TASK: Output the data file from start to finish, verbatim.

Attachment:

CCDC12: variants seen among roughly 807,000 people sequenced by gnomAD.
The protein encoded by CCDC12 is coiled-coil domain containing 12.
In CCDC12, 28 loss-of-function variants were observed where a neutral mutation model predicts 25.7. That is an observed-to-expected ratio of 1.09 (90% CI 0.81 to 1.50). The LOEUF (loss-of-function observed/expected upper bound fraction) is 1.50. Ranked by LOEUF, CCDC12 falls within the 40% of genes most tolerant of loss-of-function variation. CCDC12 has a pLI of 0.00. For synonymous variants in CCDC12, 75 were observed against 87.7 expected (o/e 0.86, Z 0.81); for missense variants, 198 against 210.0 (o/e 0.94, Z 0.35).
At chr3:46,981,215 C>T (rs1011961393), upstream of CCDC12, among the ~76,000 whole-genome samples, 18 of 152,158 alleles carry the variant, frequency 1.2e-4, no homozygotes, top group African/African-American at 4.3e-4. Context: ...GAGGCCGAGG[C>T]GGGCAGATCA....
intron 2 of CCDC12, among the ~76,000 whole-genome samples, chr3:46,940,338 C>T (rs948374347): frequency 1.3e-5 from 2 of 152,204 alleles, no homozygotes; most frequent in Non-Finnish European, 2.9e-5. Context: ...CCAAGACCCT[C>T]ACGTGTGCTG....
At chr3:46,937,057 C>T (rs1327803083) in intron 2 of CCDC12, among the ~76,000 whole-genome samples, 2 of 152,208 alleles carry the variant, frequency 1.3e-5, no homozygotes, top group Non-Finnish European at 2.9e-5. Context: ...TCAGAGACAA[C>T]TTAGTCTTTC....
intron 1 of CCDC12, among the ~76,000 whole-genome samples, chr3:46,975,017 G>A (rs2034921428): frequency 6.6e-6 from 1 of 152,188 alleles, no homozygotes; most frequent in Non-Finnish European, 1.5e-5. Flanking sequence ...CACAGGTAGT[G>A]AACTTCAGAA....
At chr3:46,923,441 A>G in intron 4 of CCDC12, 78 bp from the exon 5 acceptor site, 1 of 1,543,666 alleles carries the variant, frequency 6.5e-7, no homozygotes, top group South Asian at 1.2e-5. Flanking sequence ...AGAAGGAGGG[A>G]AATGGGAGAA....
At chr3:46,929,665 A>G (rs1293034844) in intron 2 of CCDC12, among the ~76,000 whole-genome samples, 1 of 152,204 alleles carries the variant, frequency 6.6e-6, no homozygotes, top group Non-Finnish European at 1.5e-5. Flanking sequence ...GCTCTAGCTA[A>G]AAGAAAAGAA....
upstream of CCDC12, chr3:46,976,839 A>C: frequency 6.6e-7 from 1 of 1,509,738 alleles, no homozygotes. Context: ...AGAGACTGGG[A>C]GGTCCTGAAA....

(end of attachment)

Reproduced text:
CCDC12: variants seen among roughly 807,000 people sequenced by gnomAD.
The protein encoded by CCDC12 is coiled-coil domain containing 12.
In CCDC12, 28 loss-of-function variants were observed where a neutral mutation model predicts 25.7. That is an observed-to-expected ratio of 1.09 (90% CI 0.81 to 1.50). The LOEUF (loss-of-function observed/expected upper bound fraction) is 1.50. Ranked by LOEUF, CCDC12 falls within the 40% of genes most tolerant of loss-of-function variation. CCDC12 has a pLI of 0.00. For synonymous variants in CCDC12, 75 were observed against 87.7 expected (o/e 0.86, Z 0.81); for missense variants, 198 against 210.0 (o/e 0.94, Z 0.35).
At chr3:46,981,215 C>T (rs1011961393), upstream of CCDC12, among the ~76,000 whole-genome samples, 18 of 152,158 alleles carry the variant, frequency 1.2e-4, no homozygotes, top group African/African-American at 4.3e-4. Context: ...GAGGCCGAGG[C>T]GGGCAGATCA....
intron 2 of CCDC12, among the ~76,000 whole-genome samples, chr3:46,940,338 C>T (rs948374347): frequency 1.3e-5 from 2 of 152,204 alleles, no homozygotes; most frequent in Non-Finnish European, 2.9e-5. Context: ...CCAAGACCCT[C>T]ACGTGTGCTG....
At chr3:46,937,057 C>T (rs1327803083) in intron 2 of CCDC12, among the ~76,000 whole-genome samples, 2 of 152,208 alleles carry the variant, frequency 1.3e-5, no homozygotes, top group Non-Finnish European at 2.9e-5. Context: ...TCAGAGACAA[C>T]TTAGTCTTTC....
intron 1 of CCDC12, among the ~76,000 whole-genome samples, chr3:46,975,017 G>A (rs2034921428): frequency 6.6e-6 from 1 of 152,188 alleles, no homozygotes; most frequent in Non-Finnish European, 1.5e-5. Flanking sequence ...CACAGGTAGT[G>A]AACTTCAGAA....
At chr3:46,923,441 A>G in intron 4 of CCDC12, 78 bp from the exon 5 acceptor site, 1 of 1,543,666 alleles carries the variant, frequency 6.5e-7, no homozygotes, top group South Asian at 1.2e-5. Flanking sequence ...AGAAGGAGGG[A>G]AATGGGAGAA....
At chr3:46,929,665 A>G (rs1293034844) in intron 2 of CCDC12, among the ~76,000 whole-genome samples, 1 of 152,204 alleles carries the variant, frequency 6.6e-6, no homozygotes, top group Non-Finnish European at 1.5e-5. Flanking sequence ...GCTCTAGCTA[A>G]AAGAAAAGAA....
upstream of CCDC12, chr3:46,976,839 A>C: frequency 6.6e-7 from 1 of 1,509,738 alleles, no homozygotes. Context: ...AGAGACTGGG[A>C]GGTCCTGAAA....